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Returns to Scale vs Experience

Returns to Scale vs Experience

How many wristwatches are cheaper than Big Ben?

Abstract

Big machines are sometimes more efficient. But they cost more, so fewer can be produced with a finite budget. Small machines are cheaper and may benefit from improvement over time, driven by experience in building more units. When does this experience lead to greater overall efficiency? We derive an approximation which, given a learning rate, tells how much smaller a machine must be to overcome an initial efficiency disadvantage.

Background

Learning curves were characterized in the context of industrial production in the 1930s by Wright.[1] The production cost of a machine follows a power law in the number of units made so far

Cn = C1 n^(-a)   < 1 >

where C1 is the cost of the first unit, Cn is the cost of the nth unit, and a is the learning rate.

Across diverse industries, Wright and others have documented cost reductions of around 20% per doubling in the number of units. This corresponds to a learning rate of nearly

a = -log2(0.8) = 0.32   < 2 >

and in the following we assume 0 < a < 1.

Notably, Moore's law may be a special case of Wright learning when unit production increases exponentially.[2]

Machines

A machine is a device that emits some commodity at a constant rate. We call this rate the machine's size. For any commodity of interest, there may be machines of different sizes

Ub - rate of output for a big machine
Us - rate of output for a small machine

Ub > Us

Each machine must itself be manufactured at a one-time cost in dollars

Cb - cost for first unit of a big machine
Cs - cost for first unit of a small machine

Cb > Cs

and its size is fixed at time of manufacture. Its efficiency can be defined by a cost per rate of commodity output

Eb = Cb/Ub - efficiency for first unit of a big machine
Es = Cs/Us - efficiency for first unit of a small machine

and we may assume larger machines have an initial advantage

Eb < Es

Finite Budgets

For any finite budget B and learning rate a, we can afford to manufacture Nb units of a big machine or Ns units of a small one, Nb < Ns

      Nb              Ns
B  =  Sum Cb n^-a  =  Sum Cs m^-a   < 3 >
      n=1             m=1

Simplifying gives

   Nb              Ns
Cb Sum n^-a  =  Cs Sum m^-a   < 4 >
   n=1             m=1

Cb/Cs  =  H(Ns, a) / H(Nb, a)   < 5 >

where H(x, y) is the generalized harmonic number of order y of x.

In the limit as Nb goes to infinity, the right side of equation < 5 > admits the following approximation[3]

H(Ns, a) / H(Nb, a)  ~  (Ns/Nb)^(1-a)   < 6 >

This approximation seems quite good even at small orders, and is fine for our purposes since the learning rate a is statistical in nature anyway

Ns Nb Sum/Sum (Ns/Nb)^0.68
50 49 1.01 1.01
10 9 1.08 1.07
50 39 1.19 1.18
3 2 1.39 1.32
5 3 1.49 1.41
50 25 1.63 1.60

Substituting it into equation < 5 > gives

 Cb       / Ns \ (1-a)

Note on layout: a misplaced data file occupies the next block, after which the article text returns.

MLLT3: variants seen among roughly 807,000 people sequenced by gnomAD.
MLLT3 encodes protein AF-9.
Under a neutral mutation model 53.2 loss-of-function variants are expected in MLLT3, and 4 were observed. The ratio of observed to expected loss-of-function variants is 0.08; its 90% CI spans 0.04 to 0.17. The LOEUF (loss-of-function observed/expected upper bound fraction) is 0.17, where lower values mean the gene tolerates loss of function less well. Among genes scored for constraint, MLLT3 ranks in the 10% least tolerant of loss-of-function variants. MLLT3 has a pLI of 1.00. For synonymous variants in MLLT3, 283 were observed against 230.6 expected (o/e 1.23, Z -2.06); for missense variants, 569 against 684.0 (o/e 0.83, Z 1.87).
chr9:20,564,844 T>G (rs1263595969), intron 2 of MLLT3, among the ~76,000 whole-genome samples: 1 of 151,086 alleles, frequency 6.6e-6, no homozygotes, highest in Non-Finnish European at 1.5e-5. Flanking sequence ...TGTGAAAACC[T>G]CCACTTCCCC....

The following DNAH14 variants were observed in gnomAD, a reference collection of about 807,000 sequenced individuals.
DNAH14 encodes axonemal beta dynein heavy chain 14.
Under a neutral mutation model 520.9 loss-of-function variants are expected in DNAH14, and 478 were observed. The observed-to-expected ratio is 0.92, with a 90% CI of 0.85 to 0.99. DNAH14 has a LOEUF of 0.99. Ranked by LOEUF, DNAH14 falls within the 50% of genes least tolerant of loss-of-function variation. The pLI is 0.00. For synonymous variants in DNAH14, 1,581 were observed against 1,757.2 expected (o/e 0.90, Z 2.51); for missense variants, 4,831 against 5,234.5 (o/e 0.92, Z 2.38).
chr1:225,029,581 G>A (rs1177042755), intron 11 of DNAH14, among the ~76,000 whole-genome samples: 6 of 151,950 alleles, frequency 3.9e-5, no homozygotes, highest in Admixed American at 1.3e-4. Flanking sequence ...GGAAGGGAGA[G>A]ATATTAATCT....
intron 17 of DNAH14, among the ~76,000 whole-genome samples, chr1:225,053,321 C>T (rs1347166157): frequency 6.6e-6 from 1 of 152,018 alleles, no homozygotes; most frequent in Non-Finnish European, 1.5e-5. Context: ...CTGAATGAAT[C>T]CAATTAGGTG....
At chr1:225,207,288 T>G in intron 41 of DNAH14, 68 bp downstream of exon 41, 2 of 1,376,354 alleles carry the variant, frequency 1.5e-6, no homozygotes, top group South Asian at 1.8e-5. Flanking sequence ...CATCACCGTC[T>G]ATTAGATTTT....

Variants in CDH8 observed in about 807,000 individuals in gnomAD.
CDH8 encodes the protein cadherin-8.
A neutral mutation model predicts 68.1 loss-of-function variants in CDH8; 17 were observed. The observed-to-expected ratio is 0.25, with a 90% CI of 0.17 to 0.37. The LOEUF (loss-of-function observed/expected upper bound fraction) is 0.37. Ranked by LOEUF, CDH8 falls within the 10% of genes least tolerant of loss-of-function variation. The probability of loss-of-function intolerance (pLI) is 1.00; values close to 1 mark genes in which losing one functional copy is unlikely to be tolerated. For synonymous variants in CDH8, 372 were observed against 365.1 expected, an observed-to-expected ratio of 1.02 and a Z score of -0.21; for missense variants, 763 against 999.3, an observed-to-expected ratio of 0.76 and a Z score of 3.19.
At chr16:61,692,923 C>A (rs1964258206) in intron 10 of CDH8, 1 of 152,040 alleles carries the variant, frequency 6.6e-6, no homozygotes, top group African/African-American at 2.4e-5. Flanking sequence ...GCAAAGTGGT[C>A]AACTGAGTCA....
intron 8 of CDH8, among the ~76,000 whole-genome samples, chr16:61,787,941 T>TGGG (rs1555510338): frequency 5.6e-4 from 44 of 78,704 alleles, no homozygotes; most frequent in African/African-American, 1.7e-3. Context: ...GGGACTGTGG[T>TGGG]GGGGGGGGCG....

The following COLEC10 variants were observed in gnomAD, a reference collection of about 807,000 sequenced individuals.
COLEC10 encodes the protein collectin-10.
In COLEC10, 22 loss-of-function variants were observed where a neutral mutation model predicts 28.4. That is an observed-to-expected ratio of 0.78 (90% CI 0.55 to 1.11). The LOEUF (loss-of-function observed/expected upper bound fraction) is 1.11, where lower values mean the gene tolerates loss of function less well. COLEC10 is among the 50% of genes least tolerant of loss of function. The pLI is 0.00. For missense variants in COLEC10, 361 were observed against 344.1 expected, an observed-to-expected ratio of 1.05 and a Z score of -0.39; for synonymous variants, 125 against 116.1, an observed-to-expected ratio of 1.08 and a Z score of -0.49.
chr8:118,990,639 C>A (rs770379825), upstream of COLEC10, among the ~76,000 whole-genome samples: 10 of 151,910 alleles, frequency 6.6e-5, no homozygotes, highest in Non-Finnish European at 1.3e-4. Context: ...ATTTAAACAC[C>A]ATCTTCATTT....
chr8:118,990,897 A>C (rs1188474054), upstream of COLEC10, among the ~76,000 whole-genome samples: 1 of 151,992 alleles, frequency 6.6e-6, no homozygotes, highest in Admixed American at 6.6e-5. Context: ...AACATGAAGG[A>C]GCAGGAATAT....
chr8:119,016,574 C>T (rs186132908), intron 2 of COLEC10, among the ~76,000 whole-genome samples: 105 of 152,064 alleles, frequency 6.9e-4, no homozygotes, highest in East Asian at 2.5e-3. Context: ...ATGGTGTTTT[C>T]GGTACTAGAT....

----  ~  ( ---- )        < 7 >
 Cs       \ Nb /

From our definitions, we can further substitute the product of size and efficiency for initial cost

 UbEb       / Ns \ (1-a)
------  ~  ( ---- )        < 8 >
 UsEs       \ Nb /

Wright Sizing

The total output of a fleet of machines is the product of the number built and their size, NsUs for small machines and NbUb for big ones. Setting these equal, we get

Ns/Nb = Ub/Us   < 9 >

Using this to substitute in < 8 > gives

 UbEb       / Ub \ (1-a)
------  ~  ( ---- )        < 10 >
 UsEs       \ Us /

 / Ub \ a     Es
( ---- )  ~  ----   < 11 >
 \ Us /       Eb

And finally

a log Ub/Us  ~  log Es/Eb   < 12 >

which relates the ratio of sizes to the ratio of initial efficiencies in the case where fleets of each machine type produce the same total output for the same total cost.

Nuclear Fission

This framework can be applied to the question of reactor size in the nuclear energy industry. The United States operates a modest fleet of large reactors, which produce about Ub = 1 GW of electricity per unit. In recent years, it has been claimed that mass production of much smaller reactors may be cheaper in the long run.

Though the question of capital cost for reactors is murky, it appears large reactors can be built in some markets for nearly Eb = $4/W.[4]

On the other hand, a company called Oklo plans to build Us = 1.5 MW reactors at an initial cost Cs = $10M, corresponding to an initial efficiency Es = $6.7/W.[5]

Which type of reactor will produce more electricity when built into fleets of equal cost? We'll assume the learning rate from < 2 > for both types and solve < 12 > for Us. If the solution is larger than Oklo's 1.5 MW, we may conclude the Oklo fleet will produce more electricity

0.32 ln(1000 MW/Us) ~ ln(6.7/4)

ln(1000 MW/Us) ~ 0.52/0.32

Us ~ 1000 MW / exp(0.52/0.32)

Us ~ 200 MW

Open Questions

An initial efficiency advantage of a big machine must be due to efficiencies of scale, so it is not independent of size. Can this dependency be added here, to allow a closed-form solution for optimal machine size?

Acknowledgements

Thanks to Ed Pheil (@EdPheil) for many engaging discussions on Twitter.

References

[1] Wright (1936) Factors Affecting the Cost of Airplanes

[2] Nagy et al (2013) Statistical Basis for Predicting Technological Progress

[3] Alexandre et al (2020) Limit of a ratio of harmonic numbers?

[4] Energy Technologies Institute (2018) The ETI Nuclear Cost Drivers Project: Summary Report

[5] Adams (2020) Oklo has filed first COLA with the NRC since 2009

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